Paul adds, “We are perplexed, but not in despair.” Perplexity often accompanies suffering. When we are stricken with illness or grief we are often bewildered and confused. Our first question is why. We ask, How could God allow this to happen to me?

I remember the story of a distraught father who was deeply grieved by the death of his son. He went to see his pastor and in bewildered anger said, “Where was God when my son died?” The pastor replied with a calm spirit, “The same place He was when His Son died.”


There is an element of surprise connected to suffering. We learn early that pain is a part of life, but the learning process is usually gradual. I am amused by the way my three-year-old grandson handles pain. When something hurts him he declares, “Pap-Pap, I have an ‘ouch.'” He uses the exclamation “ouch” as a noun. If the “ouch” is slight, a simple kiss will make it disappear. If it is more severe he asks for an “andbaid.”

Most childhood illnesses and bruises are minor. When a child gets a stomach virus he usually doesn’t worry about cancer. He learns quickly that the discomfort of childhood diseases is soon over. It is as adults that we move into another level of disease and pain. Though we move through stages of preparation, we are never quite ready when we are afflicted with more serious illnesses.

I remember my daughter’s first visit to the hospital. She was six years old and had to have her tonsils removed. As parents we went through all the steps of both preparing her and shielding her from what was coming. We read the children’s books together about going to the hospital. We assured her that after the operation she would be allowed the treat of her favorite ice cream.

The trip to the hospital was an adventure. The pediatric wing of the hospital was gaily decorated. The nurses entertained our daughter and her roommate with toys. Her spirits were high and apprehension was at a minimum.

When the girls were taken into surgery we awaited their return from the recovery room. I will never forget the vision of my daughter when she looked at me after she had awakened. She was a pitiful sight. Dried blood was crusted at the edge of her lips. Her face was ashen. But what was most haunting was the look of fear, shock, and betrayal. She was experiencing a new threshold of pain. It was as if she were saying to me with her eyes, “How could you? You knew it would be like this and you lied to me.” The last thing she cared about at that moment was ice cream.

My daughter was surprised by the pain. She was perplexed. Her pain was not what she expected. I am sure she had the same questions about me as we do about our heavenly Father when sudden pain is thrust upon us.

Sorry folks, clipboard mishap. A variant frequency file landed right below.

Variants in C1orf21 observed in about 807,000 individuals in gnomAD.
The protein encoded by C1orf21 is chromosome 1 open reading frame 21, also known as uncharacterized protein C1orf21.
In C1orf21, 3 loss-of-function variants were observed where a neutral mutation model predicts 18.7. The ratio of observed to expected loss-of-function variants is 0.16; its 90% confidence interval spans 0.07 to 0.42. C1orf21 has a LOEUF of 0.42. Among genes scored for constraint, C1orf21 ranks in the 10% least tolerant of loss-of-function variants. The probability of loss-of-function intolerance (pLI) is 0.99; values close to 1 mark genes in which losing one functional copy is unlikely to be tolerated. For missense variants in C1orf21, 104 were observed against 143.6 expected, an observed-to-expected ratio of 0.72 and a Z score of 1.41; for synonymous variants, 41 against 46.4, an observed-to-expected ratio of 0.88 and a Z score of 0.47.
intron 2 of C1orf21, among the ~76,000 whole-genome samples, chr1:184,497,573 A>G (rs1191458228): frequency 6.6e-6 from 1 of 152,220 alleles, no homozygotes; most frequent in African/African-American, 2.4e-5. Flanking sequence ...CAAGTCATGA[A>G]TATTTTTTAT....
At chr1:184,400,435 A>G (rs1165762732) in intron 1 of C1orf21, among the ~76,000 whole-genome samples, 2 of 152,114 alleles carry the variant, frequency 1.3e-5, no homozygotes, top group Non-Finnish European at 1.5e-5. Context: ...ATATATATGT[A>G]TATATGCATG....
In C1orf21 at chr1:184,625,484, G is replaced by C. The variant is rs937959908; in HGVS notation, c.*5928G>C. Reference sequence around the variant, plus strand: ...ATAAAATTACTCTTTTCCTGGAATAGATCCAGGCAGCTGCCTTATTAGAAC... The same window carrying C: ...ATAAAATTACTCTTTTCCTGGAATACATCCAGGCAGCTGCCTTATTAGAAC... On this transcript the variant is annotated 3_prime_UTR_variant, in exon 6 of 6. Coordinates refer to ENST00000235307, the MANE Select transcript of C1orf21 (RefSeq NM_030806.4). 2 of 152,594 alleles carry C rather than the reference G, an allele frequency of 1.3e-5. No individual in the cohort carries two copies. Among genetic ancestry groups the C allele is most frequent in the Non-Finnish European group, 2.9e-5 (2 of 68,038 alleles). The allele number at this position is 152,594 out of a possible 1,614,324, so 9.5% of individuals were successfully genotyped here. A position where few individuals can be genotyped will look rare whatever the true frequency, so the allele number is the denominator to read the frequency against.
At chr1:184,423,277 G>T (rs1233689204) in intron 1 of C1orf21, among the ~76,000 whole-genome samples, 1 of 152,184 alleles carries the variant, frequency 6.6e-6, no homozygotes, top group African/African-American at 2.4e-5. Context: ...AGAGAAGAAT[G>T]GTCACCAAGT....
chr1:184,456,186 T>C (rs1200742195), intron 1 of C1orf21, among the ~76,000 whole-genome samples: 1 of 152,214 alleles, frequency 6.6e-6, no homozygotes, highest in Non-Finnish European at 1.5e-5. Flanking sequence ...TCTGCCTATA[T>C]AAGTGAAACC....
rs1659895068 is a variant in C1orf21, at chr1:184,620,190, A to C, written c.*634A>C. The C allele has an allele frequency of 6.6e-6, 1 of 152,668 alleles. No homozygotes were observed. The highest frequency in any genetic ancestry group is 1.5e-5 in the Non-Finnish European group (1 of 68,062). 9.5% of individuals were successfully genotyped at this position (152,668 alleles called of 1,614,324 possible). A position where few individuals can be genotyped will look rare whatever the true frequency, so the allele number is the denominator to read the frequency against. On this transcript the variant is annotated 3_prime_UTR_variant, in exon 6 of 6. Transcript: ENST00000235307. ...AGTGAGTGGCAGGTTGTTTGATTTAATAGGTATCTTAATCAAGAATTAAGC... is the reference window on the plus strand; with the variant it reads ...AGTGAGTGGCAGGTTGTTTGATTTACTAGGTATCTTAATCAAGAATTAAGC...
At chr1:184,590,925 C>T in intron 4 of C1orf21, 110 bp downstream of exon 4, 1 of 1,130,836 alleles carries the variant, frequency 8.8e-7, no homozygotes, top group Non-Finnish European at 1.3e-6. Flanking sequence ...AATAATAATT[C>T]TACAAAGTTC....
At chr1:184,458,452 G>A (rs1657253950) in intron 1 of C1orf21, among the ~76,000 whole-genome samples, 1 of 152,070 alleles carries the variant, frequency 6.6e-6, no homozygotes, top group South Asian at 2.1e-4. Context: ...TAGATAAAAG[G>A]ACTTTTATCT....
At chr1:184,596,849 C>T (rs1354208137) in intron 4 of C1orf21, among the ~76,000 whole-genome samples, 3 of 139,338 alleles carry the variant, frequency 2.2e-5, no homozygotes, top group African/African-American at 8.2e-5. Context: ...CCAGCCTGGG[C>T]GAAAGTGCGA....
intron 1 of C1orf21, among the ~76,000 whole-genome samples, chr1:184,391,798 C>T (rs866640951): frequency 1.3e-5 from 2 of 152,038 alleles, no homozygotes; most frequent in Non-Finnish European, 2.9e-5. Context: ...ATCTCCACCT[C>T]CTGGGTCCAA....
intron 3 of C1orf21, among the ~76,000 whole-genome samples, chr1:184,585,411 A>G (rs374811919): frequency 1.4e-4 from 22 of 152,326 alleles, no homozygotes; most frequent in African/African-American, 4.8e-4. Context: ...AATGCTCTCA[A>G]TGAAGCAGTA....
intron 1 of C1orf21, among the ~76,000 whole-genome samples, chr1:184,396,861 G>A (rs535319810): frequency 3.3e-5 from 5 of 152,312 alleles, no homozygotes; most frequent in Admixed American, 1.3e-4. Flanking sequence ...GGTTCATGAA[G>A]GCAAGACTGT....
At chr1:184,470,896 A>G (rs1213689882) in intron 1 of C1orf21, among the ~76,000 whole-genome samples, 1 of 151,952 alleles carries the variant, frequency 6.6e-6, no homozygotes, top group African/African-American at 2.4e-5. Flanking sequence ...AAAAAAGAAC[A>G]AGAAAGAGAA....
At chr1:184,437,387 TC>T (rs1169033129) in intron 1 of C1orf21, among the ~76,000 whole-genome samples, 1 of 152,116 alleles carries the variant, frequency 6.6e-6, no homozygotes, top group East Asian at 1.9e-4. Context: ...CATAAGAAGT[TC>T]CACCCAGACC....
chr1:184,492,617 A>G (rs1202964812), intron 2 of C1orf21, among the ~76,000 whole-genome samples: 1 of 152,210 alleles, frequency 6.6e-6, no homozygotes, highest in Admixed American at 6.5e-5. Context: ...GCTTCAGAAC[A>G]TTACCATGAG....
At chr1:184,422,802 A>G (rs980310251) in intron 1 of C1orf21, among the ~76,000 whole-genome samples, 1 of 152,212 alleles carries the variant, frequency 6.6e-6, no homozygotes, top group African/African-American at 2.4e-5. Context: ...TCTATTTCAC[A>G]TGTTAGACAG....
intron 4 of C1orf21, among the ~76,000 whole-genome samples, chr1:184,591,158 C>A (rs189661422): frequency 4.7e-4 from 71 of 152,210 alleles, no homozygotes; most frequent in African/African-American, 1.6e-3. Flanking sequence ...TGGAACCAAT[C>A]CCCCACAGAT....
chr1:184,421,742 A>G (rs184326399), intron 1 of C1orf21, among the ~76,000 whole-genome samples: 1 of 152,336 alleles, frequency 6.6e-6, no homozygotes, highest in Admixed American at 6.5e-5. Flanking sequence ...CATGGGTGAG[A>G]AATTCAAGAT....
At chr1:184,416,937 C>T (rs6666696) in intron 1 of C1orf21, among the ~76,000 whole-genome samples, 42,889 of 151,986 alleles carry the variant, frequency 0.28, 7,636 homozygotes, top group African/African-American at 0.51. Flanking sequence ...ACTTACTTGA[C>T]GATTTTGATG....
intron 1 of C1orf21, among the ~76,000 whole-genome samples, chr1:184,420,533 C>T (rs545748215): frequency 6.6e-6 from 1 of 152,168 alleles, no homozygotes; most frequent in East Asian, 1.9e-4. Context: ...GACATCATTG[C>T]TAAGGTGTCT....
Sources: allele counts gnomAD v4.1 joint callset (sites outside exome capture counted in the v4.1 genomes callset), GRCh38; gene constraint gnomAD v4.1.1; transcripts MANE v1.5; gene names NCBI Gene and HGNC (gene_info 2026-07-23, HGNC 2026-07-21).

When perplexity is added to suffering we sense a surprise that God has allowed such deep affliction to befall us. The surprise stems not so much from what God leads us to believe but from what we hear from misguided teachers. The zealous person who promises us a life free from suffering has found his message from some other source than Scripture.

We are admonished by Scripture not to think that it is a strange or unusual thing that we should suffer. Peter wrote:

Beloved, do not think it strange concerning the fiery trial which is to try you, as though some strange thing has happened to you, but rejoice to the extent that you partake of Christ’s sufferings, that when His glory is revealed, you may also be glad with exceeding joy (1 Peter 4:12-13).

Earlier in his epistle Peter had spoken of the fruit of our suffering:

In this you greatly rejoice, though now for a little while, if need be, you have been grieved by various trials, that the genuineness of your faith, being much more precious than gold that perishes, though it is tested by fire, may be found to praise, honor, and glory at the revelation of Jesus Christ, whom having not seen you love. Though now you do not see Him, yet believing, you rejoice with joy inexpressible and full of glory, receiving the end of your faith –the salvation of your souls (1 Peter 1:6-9).

This passage reveals the answer to how it is possible to be perplexed, but not in despair. Our suffering has a purpose. It has a goal –the end of our faith is the salvation of our souls. Suffering is a crucible. As gold is refined in the fire, purged of its dross and impurities, so is our faith tested by fire. Gold perishes. Our souls do not. We experience pain and grief for a season. It is while we are in the fire that perplexity assails us. But there is another side to the fire. As the dross burns away, the genuineness of faith is purified, unto the salvation of our souls.

Excerpted from “Surprised by Suffering” by R.C. Sproul. Used by permission of Tyndale House Publishers. All rights reserved.